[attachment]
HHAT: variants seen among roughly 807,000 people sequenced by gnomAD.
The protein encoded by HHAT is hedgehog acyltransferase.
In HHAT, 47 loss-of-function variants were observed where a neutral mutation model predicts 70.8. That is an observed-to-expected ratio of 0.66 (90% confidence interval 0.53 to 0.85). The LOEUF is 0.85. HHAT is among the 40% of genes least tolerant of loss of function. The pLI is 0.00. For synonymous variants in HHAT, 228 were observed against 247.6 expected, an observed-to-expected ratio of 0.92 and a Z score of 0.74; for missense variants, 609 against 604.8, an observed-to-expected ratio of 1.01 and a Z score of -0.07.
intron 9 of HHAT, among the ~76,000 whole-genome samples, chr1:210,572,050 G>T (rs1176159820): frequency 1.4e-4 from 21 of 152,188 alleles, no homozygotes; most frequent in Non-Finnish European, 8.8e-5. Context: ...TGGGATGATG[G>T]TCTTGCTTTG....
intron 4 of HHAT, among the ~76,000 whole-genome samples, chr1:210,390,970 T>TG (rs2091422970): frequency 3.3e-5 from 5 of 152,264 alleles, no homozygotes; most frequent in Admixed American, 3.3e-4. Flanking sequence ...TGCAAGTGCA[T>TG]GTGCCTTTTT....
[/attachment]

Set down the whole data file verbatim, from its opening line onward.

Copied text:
HHAT: variants seen among roughly 807,000 people sequenced by gnomAD.
The protein encoded by HHAT is hedgehog acyltransferase.
In HHAT, 47 loss-of-function variants were observed where a neutral mutation model predicts 70.8. That is an observed-to-expected ratio of 0.66 (90% confidence interval 0.53 to 0.85). The LOEUF is 0.85. HHAT is among the 40% of genes least tolerant of loss of function. The pLI is 0.00. For synonymous variants in HHAT, 228 were observed against 247.6 expected, an observed-to-expected ratio of 0.92 and a Z score of 0.74; for missense variants, 609 against 604.8, an observed-to-expected ratio of 1.01 and a Z score of -0.07.
intron 9 of HHAT, among the ~76,000 whole-genome samples, chr1:210,572,050 G>T (rs1176159820): frequency 1.4e-4 from 21 of 152,188 alleles, no homozygotes; most frequent in Non-Finnish European, 8.8e-5. Context: ...TGGGATGATG[G>T]TCTTGCTTTG....
intron 4 of HHAT, among the ~76,000 whole-genome samples, chr1:210,390,970 T>TG (rs2091422970): frequency 3.3e-5 from 5 of 152,264 alleles, no homozygotes; most frequent in Admixed American, 3.3e-4. Flanking sequence ...TGCAAGTGCA[T>TG]GTGCCTTTTT....